Direct RNA sequencing (RNA-seq) was used to screen for transcripts possibly affected by vitamin E (alpha tocopherol) and chlorpyrifos exposure in 24 Atlantic salmon hepatocyte cell cultures (about 7 mill. cells per culture). Poly (A) mRNA was isolated using magnetic beads with oligo (dT) from total RNA obtained from 24 cell cultures. Fragmentation buffer was added to shred mRNA to short reads. Using these short fragments (about 200 bp) as templates, random hexamer primers were applied to synthesize first-strand cDNA. Second-strand cDNA was synthesized using buffer, dNTPs, RNaseH, and DNA polymerase I. QiaQuick PCR extraction kit (Qiagen) was used to purify short double-stranded cDNA fragments. These fragments were then resolved with EB buffer for end reparation, added poly (A), and then ligated to the sequencing adapters. After agarose gel electrophoresis, the suitable fragments were selected for PCR amplification as templates. Finally, the libraries were sequenced using Illumina HiSeq 2000 (San Diego, CA, USA).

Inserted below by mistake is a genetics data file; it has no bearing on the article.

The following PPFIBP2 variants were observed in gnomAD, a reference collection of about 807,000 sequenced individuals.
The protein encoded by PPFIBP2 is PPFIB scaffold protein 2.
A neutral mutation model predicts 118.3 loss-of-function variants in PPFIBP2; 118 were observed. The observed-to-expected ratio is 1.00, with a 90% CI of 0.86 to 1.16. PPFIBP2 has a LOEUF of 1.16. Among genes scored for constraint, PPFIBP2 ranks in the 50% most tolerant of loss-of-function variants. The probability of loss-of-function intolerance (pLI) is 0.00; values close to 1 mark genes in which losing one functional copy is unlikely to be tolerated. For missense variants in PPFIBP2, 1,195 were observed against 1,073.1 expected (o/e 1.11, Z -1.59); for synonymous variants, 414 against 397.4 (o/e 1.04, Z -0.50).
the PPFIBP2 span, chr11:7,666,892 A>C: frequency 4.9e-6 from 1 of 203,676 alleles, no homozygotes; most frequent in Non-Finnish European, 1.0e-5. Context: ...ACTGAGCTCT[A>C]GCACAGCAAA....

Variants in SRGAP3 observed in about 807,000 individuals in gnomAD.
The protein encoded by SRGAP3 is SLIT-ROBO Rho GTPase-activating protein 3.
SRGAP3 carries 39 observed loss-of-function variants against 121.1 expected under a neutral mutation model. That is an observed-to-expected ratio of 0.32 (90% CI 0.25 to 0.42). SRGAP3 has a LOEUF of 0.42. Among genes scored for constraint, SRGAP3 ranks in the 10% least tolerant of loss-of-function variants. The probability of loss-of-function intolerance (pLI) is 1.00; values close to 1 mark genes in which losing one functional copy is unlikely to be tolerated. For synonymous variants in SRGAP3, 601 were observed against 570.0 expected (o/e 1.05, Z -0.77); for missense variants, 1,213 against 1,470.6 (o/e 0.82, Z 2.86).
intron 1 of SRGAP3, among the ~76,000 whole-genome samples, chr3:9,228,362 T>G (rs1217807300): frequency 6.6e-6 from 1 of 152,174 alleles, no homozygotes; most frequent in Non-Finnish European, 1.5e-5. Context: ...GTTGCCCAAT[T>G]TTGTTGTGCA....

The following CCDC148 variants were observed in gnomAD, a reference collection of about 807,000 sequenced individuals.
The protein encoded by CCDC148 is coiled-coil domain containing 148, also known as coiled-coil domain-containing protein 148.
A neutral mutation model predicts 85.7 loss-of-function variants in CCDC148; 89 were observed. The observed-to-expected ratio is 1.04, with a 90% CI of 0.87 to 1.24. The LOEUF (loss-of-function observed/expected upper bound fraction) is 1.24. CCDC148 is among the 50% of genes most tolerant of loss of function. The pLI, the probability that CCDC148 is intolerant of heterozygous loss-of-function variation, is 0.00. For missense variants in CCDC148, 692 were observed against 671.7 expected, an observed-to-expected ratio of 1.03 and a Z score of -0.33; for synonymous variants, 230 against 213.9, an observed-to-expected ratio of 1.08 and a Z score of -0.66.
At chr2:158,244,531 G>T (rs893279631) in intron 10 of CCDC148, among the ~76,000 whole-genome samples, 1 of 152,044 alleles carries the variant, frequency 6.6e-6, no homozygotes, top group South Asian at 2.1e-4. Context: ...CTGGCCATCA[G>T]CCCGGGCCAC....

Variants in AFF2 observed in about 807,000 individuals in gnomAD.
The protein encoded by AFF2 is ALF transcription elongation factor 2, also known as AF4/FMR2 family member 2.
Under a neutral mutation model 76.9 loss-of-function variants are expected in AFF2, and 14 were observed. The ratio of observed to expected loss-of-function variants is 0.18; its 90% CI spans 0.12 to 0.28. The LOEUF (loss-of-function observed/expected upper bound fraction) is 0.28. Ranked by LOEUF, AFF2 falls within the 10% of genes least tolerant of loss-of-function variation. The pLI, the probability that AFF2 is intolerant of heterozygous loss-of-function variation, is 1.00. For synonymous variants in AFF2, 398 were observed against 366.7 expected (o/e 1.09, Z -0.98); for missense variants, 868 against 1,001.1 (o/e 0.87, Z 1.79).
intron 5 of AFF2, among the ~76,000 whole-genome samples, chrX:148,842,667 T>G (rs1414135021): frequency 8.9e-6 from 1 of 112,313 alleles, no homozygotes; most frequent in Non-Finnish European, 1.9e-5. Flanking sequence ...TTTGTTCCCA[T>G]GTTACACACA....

An Atlantic salmon transcriptome assembled from liver tissue was used as a reference for alignment of the RNA-seq data (24 samples, 12 millions reads per sample). Unigenes were annotated with Blastx alignment between unigenes and the databases of NR, NT, SwissProt, KEGG, COG and GO. The DESeq software package was used to screen for differentially expressed genes (DEGs). The DESeq package is based on the negative binomial distribution, and provides a method to test for differential expression by use of a shrinkage estimator for the variance. We used P-adjustment ≤ 0.5 and the absolute value of log2 ratio ≥ 1 as the threshold to judge the significance of gene expression difference. All RNA-seq work was performed by staff at the Beijing Genome Institute (BGI, Hong Kong).

Metabolite profiling